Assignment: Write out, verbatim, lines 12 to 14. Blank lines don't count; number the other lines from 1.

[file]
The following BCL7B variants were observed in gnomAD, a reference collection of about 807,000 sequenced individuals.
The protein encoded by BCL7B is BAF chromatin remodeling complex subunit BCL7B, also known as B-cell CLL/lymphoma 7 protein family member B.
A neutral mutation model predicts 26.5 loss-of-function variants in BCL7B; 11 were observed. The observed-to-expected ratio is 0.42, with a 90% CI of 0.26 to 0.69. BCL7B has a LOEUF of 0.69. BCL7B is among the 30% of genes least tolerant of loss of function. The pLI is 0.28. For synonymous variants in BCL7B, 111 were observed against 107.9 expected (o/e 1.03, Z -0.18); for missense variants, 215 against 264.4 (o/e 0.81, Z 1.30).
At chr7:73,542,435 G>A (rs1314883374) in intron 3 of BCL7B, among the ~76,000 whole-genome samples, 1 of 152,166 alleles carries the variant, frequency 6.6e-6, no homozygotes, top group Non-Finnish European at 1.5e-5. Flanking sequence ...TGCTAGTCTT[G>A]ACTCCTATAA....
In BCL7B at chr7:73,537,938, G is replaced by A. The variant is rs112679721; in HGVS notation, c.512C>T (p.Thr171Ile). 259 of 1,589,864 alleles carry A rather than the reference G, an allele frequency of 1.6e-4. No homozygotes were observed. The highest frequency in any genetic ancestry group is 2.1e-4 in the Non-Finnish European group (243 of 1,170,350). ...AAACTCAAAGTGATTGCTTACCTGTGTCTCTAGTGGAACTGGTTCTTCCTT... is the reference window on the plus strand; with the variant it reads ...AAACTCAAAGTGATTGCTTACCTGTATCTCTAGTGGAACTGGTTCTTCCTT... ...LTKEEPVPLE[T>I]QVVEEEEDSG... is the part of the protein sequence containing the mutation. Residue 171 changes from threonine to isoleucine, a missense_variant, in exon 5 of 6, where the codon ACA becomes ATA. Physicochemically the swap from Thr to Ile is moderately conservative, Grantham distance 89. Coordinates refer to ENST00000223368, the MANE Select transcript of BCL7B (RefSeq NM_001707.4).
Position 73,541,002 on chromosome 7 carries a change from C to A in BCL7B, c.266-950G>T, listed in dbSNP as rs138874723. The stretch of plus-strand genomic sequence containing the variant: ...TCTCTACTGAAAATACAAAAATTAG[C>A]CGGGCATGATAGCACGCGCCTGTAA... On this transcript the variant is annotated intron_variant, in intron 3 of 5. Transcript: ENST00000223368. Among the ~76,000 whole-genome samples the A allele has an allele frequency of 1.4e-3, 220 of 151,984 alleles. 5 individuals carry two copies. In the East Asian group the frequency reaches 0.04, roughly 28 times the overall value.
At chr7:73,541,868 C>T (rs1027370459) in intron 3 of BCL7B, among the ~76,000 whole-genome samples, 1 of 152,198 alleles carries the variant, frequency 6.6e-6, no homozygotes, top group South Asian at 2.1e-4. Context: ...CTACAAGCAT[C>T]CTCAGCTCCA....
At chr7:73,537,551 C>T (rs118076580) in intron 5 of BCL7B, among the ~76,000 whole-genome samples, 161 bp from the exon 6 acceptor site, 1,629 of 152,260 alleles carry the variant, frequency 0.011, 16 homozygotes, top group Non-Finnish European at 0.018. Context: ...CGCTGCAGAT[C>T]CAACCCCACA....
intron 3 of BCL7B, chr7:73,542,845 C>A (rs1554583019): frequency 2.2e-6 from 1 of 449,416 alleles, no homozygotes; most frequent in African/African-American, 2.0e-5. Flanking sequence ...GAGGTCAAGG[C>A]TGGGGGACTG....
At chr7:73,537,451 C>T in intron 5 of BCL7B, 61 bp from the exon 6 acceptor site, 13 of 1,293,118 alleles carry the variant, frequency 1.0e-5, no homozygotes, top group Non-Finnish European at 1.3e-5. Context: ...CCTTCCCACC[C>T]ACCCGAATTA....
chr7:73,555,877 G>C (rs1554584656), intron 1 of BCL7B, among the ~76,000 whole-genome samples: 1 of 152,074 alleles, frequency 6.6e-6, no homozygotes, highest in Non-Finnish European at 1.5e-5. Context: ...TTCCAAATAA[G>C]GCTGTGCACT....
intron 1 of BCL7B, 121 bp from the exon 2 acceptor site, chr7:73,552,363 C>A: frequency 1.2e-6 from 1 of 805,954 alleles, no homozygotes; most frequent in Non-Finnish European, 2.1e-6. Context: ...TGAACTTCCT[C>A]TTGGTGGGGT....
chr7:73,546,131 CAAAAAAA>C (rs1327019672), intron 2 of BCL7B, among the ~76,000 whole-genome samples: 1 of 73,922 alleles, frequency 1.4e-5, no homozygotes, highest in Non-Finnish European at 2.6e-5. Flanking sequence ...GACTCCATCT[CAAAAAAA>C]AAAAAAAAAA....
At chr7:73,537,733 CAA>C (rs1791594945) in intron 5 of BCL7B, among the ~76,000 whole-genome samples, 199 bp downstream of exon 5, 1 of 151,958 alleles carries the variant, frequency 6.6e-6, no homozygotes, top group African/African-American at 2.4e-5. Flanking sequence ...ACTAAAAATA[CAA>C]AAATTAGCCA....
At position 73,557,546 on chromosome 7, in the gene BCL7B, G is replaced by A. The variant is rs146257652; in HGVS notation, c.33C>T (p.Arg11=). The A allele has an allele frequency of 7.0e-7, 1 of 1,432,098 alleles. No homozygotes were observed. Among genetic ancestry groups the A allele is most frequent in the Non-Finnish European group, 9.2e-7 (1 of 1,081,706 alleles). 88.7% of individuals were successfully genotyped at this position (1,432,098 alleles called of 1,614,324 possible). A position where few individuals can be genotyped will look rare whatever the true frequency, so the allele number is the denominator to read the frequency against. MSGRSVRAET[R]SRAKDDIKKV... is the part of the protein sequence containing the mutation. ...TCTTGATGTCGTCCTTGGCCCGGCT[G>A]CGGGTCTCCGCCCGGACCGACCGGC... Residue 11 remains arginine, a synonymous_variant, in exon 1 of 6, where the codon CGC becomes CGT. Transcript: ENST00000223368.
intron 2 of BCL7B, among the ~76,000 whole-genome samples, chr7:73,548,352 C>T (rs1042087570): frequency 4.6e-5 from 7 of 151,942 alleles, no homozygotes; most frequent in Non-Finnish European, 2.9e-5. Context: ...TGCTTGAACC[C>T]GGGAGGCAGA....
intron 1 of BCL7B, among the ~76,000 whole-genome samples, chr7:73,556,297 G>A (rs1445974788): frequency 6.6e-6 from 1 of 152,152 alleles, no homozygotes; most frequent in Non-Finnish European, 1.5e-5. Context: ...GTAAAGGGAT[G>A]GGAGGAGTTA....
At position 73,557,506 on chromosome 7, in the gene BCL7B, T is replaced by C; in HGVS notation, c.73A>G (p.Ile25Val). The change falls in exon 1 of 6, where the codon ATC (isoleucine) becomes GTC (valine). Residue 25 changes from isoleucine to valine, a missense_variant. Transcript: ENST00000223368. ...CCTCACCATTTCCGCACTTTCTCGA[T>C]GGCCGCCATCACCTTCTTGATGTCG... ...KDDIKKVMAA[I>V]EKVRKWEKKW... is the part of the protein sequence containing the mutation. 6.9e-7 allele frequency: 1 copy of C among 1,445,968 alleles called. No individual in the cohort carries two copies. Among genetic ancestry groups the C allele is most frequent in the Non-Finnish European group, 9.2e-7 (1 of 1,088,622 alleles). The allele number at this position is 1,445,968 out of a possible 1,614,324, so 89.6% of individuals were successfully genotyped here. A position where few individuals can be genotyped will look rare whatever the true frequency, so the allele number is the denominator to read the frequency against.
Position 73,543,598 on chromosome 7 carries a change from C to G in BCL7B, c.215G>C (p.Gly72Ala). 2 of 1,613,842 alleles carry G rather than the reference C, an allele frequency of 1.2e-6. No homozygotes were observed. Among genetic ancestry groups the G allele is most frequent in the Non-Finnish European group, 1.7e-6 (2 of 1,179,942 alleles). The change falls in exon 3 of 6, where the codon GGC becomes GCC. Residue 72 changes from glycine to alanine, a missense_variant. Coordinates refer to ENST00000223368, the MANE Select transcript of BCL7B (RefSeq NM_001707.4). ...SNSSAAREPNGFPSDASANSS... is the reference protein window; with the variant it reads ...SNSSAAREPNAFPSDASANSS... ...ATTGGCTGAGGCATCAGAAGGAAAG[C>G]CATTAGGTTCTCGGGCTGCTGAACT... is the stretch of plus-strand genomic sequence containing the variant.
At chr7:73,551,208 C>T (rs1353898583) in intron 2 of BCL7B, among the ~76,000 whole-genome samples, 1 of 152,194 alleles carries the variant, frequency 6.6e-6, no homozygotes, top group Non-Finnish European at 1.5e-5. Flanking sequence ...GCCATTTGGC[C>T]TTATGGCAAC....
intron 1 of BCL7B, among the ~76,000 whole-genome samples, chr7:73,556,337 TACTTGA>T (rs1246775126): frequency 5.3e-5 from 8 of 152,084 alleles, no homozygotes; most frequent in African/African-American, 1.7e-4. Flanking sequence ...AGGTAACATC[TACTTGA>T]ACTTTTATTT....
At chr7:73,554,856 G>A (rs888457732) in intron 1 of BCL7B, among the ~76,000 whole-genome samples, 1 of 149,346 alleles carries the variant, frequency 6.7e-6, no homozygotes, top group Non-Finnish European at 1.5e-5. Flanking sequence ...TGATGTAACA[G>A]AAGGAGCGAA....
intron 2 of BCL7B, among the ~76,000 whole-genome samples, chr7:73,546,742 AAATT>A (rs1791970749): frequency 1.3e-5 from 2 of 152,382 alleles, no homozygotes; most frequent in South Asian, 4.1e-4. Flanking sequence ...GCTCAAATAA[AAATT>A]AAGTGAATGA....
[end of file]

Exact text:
intron 1 of BCL7B, 121 bp from the exon 2 acceptor site, chr7:73,552,363 C>A: frequency 1.2e-6 from 1 of 805,954 alleles, no homozygotes; most frequent in Non-Finnish European, 2.1e-6. Context: ...TGAACTTCCT[C>A]TTGGTGGGGT....
chr7:73,546,131 CAAAAAAA>C (rs1327019672), intron 2 of BCL7B, among the ~76,000 whole-genome samples: 1 of 73,922 alleles, frequency 1.4e-5, no homozygotes, highest in Non-Finnish European at 2.6e-5. Flanking sequence ...GACTCCATCT[CAAAAAAA>C]AAAAAAAAAA....
At chr7:73,537,733 CAA>C (rs1791594945) in intron 5 of BCL7B, among the ~76,000 whole-genome samples, 199 bp downstream of exon 5, 1 of 151,958 alleles carries the variant, frequency 6.6e-6, no homozygotes, top group African/African-American at 2.4e-5. Flanking sequence ...ACTAAAAATA[CAA>C]AAATTAGCCA....